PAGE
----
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Relaxed plagiarism standards as a way to keep the tuition dollars flowing from foreign students

Interesting comment thread at Basbøll’s blog regarding the difficult position of college writing instructors when confronted with blatant student plagiarism.

Randall Westgren writes:

I believe the easiest part of the patchwriting [plagiarism] phenomenon to understand is why writing instructors are leading the charge. Professor Howard is caught between a herd of high-value (i.e. full-tuition and fees paid) students who have negligible communication skills in the language of instruction and the administration and governing board of her university who actively seek these students to balance the budget. And the rhetoric instructors, writing coaches, and ESL instructors are “letting down” the university AND these students when they cannot ameliorate their English language within the bounds of the US curricula. I suspect the pressure on persons like Professor Howard is immense, as they are caught between the professoriate’s understanding of plagiarism as a failure of academic principle and the wishful thinking of the administrators and international students in the admission decision.

This doesn’t explain Laurence Tribe, Ed Wegman, Karl Weick, Frank Fischer, Matthew Whitaker, etc., but I suppose it all goes together: if much-honored faculty are copying without attribution, it’s harder to motivate instructors at these universities to insist that their hard-pressed students write everything in their own words.

9 Comments

  1. James says:

    One of things seemingly missing from the debates on plagiarism and now including patchwriting is the baserate probability of producing both the same and similar phrases and sentences when writing about the same topic. Without the baserate, how does one logically conclude ‘dishonesty’ except in the most blatant cases? An analysis of data from ETS’s Analytical Writing section would allow for this determination and thus for some degree of plagiarism ranging for an error or mistake to blatant and intentional.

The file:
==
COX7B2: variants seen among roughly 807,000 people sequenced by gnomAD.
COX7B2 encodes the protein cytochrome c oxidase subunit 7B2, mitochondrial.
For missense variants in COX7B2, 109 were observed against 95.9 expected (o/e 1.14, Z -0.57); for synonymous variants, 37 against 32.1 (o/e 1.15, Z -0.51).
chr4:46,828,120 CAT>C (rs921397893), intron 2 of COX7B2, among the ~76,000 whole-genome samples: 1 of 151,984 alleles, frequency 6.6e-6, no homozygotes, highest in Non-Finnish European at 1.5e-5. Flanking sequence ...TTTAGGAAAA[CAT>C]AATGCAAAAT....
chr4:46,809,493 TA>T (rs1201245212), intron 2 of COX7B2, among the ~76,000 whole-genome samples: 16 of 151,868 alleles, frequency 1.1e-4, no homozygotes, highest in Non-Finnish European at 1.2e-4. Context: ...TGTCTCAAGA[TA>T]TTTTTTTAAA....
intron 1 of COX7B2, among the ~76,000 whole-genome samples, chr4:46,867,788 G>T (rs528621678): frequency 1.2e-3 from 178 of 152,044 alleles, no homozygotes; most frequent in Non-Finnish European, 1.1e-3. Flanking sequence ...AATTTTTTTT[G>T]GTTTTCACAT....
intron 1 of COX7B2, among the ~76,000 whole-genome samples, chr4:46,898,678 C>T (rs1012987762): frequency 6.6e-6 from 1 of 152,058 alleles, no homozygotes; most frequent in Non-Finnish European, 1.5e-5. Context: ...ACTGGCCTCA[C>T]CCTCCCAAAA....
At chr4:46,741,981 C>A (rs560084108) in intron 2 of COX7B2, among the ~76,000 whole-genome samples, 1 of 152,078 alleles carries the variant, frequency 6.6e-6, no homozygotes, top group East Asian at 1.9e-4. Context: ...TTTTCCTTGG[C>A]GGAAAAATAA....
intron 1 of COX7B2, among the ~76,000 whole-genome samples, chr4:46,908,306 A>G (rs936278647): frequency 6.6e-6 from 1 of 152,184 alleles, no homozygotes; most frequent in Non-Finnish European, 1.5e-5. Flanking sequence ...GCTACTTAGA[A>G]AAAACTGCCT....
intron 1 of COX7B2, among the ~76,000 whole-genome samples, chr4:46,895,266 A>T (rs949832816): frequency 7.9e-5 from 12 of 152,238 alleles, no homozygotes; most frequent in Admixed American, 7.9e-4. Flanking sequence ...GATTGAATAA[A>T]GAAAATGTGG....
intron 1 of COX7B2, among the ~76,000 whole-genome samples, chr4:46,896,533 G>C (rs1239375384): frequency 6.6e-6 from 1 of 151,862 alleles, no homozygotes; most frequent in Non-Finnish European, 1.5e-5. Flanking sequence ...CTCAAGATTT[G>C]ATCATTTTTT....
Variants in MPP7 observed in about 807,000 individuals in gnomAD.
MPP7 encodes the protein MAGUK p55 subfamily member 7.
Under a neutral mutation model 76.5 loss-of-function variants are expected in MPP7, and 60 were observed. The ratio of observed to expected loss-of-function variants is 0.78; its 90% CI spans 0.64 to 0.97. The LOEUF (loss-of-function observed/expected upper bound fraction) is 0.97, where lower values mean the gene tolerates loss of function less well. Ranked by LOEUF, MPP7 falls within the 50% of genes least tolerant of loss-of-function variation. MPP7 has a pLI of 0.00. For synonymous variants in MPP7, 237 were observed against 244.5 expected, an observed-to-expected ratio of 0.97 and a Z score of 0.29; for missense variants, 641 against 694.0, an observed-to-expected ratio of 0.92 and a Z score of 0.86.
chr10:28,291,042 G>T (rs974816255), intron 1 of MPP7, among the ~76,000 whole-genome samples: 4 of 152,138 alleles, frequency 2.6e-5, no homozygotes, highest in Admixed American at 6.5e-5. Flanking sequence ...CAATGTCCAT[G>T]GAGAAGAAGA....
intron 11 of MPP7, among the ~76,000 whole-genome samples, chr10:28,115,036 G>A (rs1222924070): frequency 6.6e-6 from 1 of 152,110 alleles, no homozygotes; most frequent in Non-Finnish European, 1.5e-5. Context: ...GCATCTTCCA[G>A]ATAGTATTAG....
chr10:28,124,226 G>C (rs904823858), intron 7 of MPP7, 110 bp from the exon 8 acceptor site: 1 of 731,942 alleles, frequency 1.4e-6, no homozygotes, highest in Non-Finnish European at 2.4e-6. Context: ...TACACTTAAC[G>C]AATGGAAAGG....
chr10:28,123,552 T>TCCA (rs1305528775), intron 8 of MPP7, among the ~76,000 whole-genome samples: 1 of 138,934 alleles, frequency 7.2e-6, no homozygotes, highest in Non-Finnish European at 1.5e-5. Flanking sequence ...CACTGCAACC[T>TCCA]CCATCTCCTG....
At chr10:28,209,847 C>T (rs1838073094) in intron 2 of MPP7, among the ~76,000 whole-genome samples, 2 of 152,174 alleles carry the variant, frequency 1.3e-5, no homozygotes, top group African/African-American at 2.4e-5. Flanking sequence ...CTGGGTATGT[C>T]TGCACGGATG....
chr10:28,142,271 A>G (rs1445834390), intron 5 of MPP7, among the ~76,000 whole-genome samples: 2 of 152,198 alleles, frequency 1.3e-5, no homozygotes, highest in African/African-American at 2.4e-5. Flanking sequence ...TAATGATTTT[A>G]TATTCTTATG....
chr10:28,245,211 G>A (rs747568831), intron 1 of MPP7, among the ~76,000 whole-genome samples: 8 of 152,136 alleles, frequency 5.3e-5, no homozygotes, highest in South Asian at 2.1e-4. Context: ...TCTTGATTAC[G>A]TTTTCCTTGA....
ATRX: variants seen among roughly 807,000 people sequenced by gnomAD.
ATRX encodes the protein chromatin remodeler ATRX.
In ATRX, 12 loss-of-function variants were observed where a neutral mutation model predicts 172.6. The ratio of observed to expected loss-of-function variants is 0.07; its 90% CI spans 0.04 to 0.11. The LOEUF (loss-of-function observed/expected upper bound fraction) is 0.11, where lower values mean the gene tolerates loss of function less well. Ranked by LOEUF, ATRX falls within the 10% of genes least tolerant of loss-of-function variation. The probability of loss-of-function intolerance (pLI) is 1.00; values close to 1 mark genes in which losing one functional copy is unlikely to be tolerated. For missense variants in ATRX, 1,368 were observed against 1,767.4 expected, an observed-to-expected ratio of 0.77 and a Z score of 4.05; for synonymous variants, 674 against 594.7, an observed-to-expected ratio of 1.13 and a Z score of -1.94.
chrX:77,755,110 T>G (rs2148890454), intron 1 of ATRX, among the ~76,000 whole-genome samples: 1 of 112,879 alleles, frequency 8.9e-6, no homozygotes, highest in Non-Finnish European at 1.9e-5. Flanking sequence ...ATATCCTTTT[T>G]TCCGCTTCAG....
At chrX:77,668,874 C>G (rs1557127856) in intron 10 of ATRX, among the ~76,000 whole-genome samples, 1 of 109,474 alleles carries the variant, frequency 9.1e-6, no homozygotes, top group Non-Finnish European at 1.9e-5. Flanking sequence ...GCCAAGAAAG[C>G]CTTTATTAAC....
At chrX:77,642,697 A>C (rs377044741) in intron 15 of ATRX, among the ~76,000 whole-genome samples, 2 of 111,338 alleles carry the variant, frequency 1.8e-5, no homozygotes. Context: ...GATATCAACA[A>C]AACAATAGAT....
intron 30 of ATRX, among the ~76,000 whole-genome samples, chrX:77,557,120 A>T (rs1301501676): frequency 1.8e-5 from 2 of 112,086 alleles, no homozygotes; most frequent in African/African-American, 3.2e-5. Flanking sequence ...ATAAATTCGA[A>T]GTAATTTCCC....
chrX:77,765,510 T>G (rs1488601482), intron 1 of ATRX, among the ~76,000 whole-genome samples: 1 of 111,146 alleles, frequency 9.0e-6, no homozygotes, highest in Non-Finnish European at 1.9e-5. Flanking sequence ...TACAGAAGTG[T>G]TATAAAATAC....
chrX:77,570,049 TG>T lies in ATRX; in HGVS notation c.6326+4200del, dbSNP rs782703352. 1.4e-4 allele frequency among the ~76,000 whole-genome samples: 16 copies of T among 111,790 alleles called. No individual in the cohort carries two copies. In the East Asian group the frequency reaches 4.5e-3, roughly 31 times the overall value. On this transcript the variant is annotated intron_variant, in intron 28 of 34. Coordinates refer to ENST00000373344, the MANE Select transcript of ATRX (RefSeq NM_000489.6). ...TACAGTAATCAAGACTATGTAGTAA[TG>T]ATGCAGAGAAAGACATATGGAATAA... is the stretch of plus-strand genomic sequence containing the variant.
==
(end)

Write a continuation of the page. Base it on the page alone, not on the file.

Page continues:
Perhaps this study has been done and I am aware of it?

  2. John Mashey says:

    1) Ginsparg & Citron, Patterns of Text Reuse in a Scientific Corpus is an interesting study.

    2) Try looking at the 3-pager here, which does a side-by-side plagiarism display stirred by Andrew’s “The subtle funk of just a little poultry offal (whereas I've done this by hand, not realizing how much I would do.)

    It is very hard to reach strong conclusions from isolated phrases, but patterns in context are much more compelling, i.e., this is in some sense a a kind of statistical inference problem, almost akin to telco fraud detection, where data keeps arriving.
    Start at the beginning of p.2, and as reading sentences, estimate the probability of plagiarism for the text seen so far.

  3. Steve Sailer says:

    Cheating on papers, tests, and homework is pretty standard in the more marginal computer science programs that depend upon foreign full load tuition payers.

    • Rahul says:

      Do the “best” diploma mills even need you to write any tests or homework?

      • Anonymous says:

        it’s not just diploma mills: http://en.wikipedia.org/wiki/London_School_of_Economics_Gaddafi_links